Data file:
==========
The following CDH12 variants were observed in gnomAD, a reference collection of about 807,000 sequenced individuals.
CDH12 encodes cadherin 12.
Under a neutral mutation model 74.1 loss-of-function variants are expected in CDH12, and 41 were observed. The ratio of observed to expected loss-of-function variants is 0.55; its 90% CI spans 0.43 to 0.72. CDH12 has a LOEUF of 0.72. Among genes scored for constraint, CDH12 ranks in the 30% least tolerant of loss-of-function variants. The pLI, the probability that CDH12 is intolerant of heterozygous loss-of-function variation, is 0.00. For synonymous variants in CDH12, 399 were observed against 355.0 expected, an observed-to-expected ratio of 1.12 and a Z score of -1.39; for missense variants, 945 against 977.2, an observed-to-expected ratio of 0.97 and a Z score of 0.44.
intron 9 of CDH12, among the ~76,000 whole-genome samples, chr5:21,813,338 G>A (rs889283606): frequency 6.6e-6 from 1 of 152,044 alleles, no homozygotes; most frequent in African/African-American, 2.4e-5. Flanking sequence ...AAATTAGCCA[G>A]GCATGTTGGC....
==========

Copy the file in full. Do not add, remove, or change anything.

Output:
The following CDH12 variants were observed in gnomAD, a reference collection of about 807,000 sequenced individuals.
CDH12 encodes cadherin 12.
Under a neutral mutation model 74.1 loss-of-function variants are expected in CDH12, and 41 were observed. The ratio of observed to expected loss-of-function variants is 0.55; its 90% CI spans 0.43 to 0.72. CDH12 has a LOEUF of 0.72. Among genes scored for constraint, CDH12 ranks in the 30% least tolerant of loss-of-function variants. The pLI, the probability that CDH12 is intolerant of heterozygous loss-of-function variation, is 0.00. For synonymous variants in CDH12, 399 were observed against 355.0 expected, an observed-to-expected ratio of 1.12 and a Z score of -1.39; for missense variants, 945 against 977.2, an observed-to-expected ratio of 0.97 and a Z score of 0.44.
intron 9 of CDH12, among the ~76,000 whole-genome samples, chr5:21,813,338 G>A (rs889283606): frequency 6.6e-6 from 1 of 152,044 alleles, no homozygotes; most frequent in African/African-American, 2.4e-5. Flanking sequence ...AAATTAGCCA[G>A]GCATGTTGGC....